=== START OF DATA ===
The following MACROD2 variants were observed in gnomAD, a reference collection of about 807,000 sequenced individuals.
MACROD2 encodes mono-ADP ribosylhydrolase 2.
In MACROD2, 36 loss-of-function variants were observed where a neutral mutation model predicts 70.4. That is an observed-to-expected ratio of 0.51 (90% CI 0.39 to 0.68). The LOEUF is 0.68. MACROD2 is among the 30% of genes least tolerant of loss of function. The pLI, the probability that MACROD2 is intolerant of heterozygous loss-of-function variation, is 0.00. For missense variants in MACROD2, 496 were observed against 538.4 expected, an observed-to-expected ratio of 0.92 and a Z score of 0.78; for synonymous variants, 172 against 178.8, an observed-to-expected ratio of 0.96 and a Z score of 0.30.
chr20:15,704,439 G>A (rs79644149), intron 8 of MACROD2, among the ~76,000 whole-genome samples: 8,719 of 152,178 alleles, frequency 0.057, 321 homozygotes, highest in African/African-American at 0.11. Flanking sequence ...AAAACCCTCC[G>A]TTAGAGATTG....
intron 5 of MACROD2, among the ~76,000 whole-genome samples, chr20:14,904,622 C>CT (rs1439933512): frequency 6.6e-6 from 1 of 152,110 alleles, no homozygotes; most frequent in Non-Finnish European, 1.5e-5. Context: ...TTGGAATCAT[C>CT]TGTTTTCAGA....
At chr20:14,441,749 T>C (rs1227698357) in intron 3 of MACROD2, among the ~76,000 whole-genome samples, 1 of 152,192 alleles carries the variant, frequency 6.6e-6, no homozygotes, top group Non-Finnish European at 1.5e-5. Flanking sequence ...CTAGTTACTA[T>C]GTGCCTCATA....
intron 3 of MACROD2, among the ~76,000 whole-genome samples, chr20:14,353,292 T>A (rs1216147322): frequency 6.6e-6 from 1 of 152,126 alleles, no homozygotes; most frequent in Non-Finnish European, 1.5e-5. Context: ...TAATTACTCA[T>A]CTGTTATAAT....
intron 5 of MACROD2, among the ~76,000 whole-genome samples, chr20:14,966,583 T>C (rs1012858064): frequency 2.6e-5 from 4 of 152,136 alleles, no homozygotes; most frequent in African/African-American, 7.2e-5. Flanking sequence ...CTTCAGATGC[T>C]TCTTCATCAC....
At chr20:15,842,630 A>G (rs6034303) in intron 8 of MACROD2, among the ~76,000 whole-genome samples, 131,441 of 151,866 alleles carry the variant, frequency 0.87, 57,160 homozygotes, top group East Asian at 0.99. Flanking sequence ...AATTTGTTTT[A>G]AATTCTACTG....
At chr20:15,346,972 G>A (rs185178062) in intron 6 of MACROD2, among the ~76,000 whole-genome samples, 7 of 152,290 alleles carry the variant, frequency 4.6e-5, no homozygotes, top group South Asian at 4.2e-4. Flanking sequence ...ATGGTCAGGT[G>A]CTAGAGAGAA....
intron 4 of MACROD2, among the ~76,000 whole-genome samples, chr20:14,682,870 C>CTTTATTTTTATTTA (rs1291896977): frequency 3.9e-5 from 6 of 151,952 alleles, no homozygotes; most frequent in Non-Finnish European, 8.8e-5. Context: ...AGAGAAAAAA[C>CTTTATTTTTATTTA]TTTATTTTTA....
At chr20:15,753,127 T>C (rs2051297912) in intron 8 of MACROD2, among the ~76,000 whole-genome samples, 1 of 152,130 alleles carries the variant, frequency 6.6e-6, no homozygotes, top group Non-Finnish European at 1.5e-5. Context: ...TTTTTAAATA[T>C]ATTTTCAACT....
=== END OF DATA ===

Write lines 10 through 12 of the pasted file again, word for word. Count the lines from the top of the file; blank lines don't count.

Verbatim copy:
At chr20:15,346,972 G>A (rs185178062) in intron 6 of MACROD2, among the ~76,000 whole-genome samples, 7 of 152,290 alleles carry the variant, frequency 4.6e-5, no homozygotes, top group South Asian at 4.2e-4. Flanking sequence ...ATGGTCAGGT[G>A]CTAGAGAGAA....
intron 4 of MACROD2, among the ~76,000 whole-genome samples, chr20:14,682,870 C>CTTTATTTTTATTTA (rs1291896977): frequency 3.9e-5 from 6 of 151,952 alleles, no homozygotes; most frequent in Non-Finnish European, 8.8e-5. Context: ...AGAGAAAAAA[C>CTTTATTTTTATTTA]TTTATTTTTA....
At chr20:15,753,127 T>C (rs2051297912) in intron 8 of MACROD2, among the ~76,000 whole-genome samples, 1 of 152,130 alleles carries the variant, frequency 6.6e-6, no homozygotes, top group Non-Finnish European at 1.5e-5. Context: ...TTTTTAAATA[T>C]ATTTTCAACT....